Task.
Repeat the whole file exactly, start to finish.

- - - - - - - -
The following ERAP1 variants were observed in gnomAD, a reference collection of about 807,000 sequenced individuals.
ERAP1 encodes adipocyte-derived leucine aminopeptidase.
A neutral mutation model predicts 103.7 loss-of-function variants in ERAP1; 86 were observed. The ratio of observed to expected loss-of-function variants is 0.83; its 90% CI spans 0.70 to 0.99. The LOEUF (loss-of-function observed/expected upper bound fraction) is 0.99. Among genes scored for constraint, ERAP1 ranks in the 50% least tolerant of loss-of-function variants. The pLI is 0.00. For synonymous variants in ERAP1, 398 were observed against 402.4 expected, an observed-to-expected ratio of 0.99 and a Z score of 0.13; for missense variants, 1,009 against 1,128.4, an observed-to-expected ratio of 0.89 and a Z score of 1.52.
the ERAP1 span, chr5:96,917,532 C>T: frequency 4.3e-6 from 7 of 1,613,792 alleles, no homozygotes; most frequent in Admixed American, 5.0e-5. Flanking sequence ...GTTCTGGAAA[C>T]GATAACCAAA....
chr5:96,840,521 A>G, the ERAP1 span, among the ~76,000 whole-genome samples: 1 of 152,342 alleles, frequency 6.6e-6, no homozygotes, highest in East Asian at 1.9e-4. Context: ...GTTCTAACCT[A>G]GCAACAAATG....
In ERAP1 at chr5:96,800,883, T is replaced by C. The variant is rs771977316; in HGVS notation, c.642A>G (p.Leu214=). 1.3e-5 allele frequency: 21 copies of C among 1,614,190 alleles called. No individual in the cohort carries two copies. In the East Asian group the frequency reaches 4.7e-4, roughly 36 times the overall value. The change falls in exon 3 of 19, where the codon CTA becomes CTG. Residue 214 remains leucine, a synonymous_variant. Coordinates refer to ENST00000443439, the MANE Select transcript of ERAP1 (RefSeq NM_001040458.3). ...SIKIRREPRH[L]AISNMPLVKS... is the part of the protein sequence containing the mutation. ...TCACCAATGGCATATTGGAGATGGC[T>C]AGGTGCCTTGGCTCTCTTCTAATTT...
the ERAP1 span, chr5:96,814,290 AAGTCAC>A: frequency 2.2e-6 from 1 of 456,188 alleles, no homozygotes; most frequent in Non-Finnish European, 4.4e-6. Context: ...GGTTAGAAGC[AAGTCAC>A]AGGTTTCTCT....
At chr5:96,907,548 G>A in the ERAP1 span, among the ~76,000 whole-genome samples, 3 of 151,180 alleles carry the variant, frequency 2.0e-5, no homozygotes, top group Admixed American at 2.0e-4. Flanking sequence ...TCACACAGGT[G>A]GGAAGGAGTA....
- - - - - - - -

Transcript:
The following ERAP1 variants were observed in gnomAD, a reference collection of about 807,000 sequenced individuals.
ERAP1 encodes adipocyte-derived leucine aminopeptidase.
A neutral mutation model predicts 103.7 loss-of-function variants in ERAP1; 86 were observed. The ratio of observed to expected loss-of-function variants is 0.83; its 90% CI spans 0.70 to 0.99. The LOEUF (loss-of-function observed/expected upper bound fraction) is 0.99. Among genes scored for constraint, ERAP1 ranks in the 50% least tolerant of loss-of-function variants. The pLI is 0.00. For synonymous variants in ERAP1, 398 were observed against 402.4 expected, an observed-to-expected ratio of 0.99 and a Z score of 0.13; for missense variants, 1,009 against 1,128.4, an observed-to-expected ratio of 0.89 and a Z score of 1.52.
the ERAP1 span, chr5:96,917,532 C>T: frequency 4.3e-6 from 7 of 1,613,792 alleles, no homozygotes; most frequent in Admixed American, 5.0e-5. Flanking sequence ...GTTCTGGAAA[C>T]GATAACCAAA....
chr5:96,840,521 A>G, the ERAP1 span, among the ~76,000 whole-genome samples: 1 of 152,342 alleles, frequency 6.6e-6, no homozygotes, highest in East Asian at 1.9e-4. Context: ...GTTCTAACCT[A>G]GCAACAAATG....
In ERAP1 at chr5:96,800,883, T is replaced by C. The variant is rs771977316; in HGVS notation, c.642A>G (p.Leu214=). 1.3e-5 allele frequency: 21 copies of C among 1,614,190 alleles called. No individual in the cohort carries two copies. In the East Asian group the frequency reaches 4.7e-4, roughly 36 times the overall value. The change falls in exon 3 of 19, where the codon CTA becomes CTG. Residue 214 remains leucine, a synonymous_variant. Coordinates refer to ENST00000443439, the MANE Select transcript of ERAP1 (RefSeq NM_001040458.3). ...SIKIRREPRH[L]AISNMPLVKS... is the part of the protein sequence containing the mutation. ...TCACCAATGGCATATTGGAGATGGC[T>C]AGGTGCCTTGGCTCTCTTCTAATTT...
the ERAP1 span, chr5:96,814,290 AAGTCAC>A: frequency 2.2e-6 from 1 of 456,188 alleles, no homozygotes; most frequent in Non-Finnish European, 4.4e-6. Context: ...GGTTAGAAGC[AAGTCAC>A]AGGTTTCTCT....
At chr5:96,907,548 G>A in the ERAP1 span, among the ~76,000 whole-genome samples, 3 of 151,180 alleles carry the variant, frequency 2.0e-5, no homozygotes, top group Admixed American at 2.0e-4. Flanking sequence ...TCACACAGGT[G>A]GGAAGGAGTA....